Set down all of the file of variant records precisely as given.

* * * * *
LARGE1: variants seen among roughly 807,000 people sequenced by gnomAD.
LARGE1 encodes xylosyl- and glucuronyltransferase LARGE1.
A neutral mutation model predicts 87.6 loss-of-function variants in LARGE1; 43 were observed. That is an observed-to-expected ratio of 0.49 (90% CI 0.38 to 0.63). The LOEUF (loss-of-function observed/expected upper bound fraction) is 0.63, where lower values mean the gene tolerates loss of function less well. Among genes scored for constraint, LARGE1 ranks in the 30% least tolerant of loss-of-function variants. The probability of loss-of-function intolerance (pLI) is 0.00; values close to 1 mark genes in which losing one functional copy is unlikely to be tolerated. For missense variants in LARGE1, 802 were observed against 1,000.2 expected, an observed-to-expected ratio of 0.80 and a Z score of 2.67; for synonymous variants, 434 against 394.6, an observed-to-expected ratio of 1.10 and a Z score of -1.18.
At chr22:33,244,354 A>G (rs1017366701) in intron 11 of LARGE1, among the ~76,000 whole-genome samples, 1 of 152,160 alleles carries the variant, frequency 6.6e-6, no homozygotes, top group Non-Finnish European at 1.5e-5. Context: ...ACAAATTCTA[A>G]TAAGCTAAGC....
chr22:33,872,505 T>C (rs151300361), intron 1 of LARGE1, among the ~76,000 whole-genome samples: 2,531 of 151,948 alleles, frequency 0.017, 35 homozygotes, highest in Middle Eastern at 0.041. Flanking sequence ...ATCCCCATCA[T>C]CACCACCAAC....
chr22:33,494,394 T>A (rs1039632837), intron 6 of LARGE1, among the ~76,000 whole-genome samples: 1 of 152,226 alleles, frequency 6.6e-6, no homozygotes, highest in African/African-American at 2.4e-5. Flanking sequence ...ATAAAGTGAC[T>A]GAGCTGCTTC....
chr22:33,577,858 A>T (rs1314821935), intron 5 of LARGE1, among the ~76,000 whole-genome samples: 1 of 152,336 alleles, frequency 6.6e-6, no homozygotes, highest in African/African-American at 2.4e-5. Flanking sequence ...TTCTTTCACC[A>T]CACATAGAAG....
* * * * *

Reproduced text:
LARGE1: variants seen among roughly 807,000 people sequenced by gnomAD.
LARGE1 encodes xylosyl- and glucuronyltransferase LARGE1.
A neutral mutation model predicts 87.6 loss-of-function variants in LARGE1; 43 were observed. That is an observed-to-expected ratio of 0.49 (90% CI 0.38 to 0.63). The LOEUF (loss-of-function observed/expected upper bound fraction) is 0.63, where lower values mean the gene tolerates loss of function less well. Among genes scored for constraint, LARGE1 ranks in the 30% least tolerant of loss-of-function variants. The probability of loss-of-function intolerance (pLI) is 0.00; values close to 1 mark genes in which losing one functional copy is unlikely to be tolerated. For missense variants in LARGE1, 802 were observed against 1,000.2 expected, an observed-to-expected ratio of 0.80 and a Z score of 2.67; for synonymous variants, 434 against 394.6, an observed-to-expected ratio of 1.10 and a Z score of -1.18.
At chr22:33,244,354 A>G (rs1017366701) in intron 11 of LARGE1, among the ~76,000 whole-genome samples, 1 of 152,160 alleles carries the variant, frequency 6.6e-6, no homozygotes, top group Non-Finnish European at 1.5e-5. Context: ...ACAAATTCTA[A>G]TAAGCTAAGC....
chr22:33,872,505 T>C (rs151300361), intron 1 of LARGE1, among the ~76,000 whole-genome samples: 2,531 of 151,948 alleles, frequency 0.017, 35 homozygotes, highest in Middle Eastern at 0.041. Flanking sequence ...ATCCCCATCA[T>C]CACCACCAAC....
chr22:33,494,394 T>A (rs1039632837), intron 6 of LARGE1, among the ~76,000 whole-genome samples: 1 of 152,226 alleles, frequency 6.6e-6, no homozygotes, highest in African/African-American at 2.4e-5. Flanking sequence ...ATAAAGTGAC[T>A]GAGCTGCTTC....
chr22:33,577,858 A>T (rs1314821935), intron 5 of LARGE1, among the ~76,000 whole-genome samples: 1 of 152,336 alleles, frequency 6.6e-6, no homozygotes, highest in African/African-American at 2.4e-5. Flanking sequence ...TTCTTTCACC[A>T]CACATAGAAG....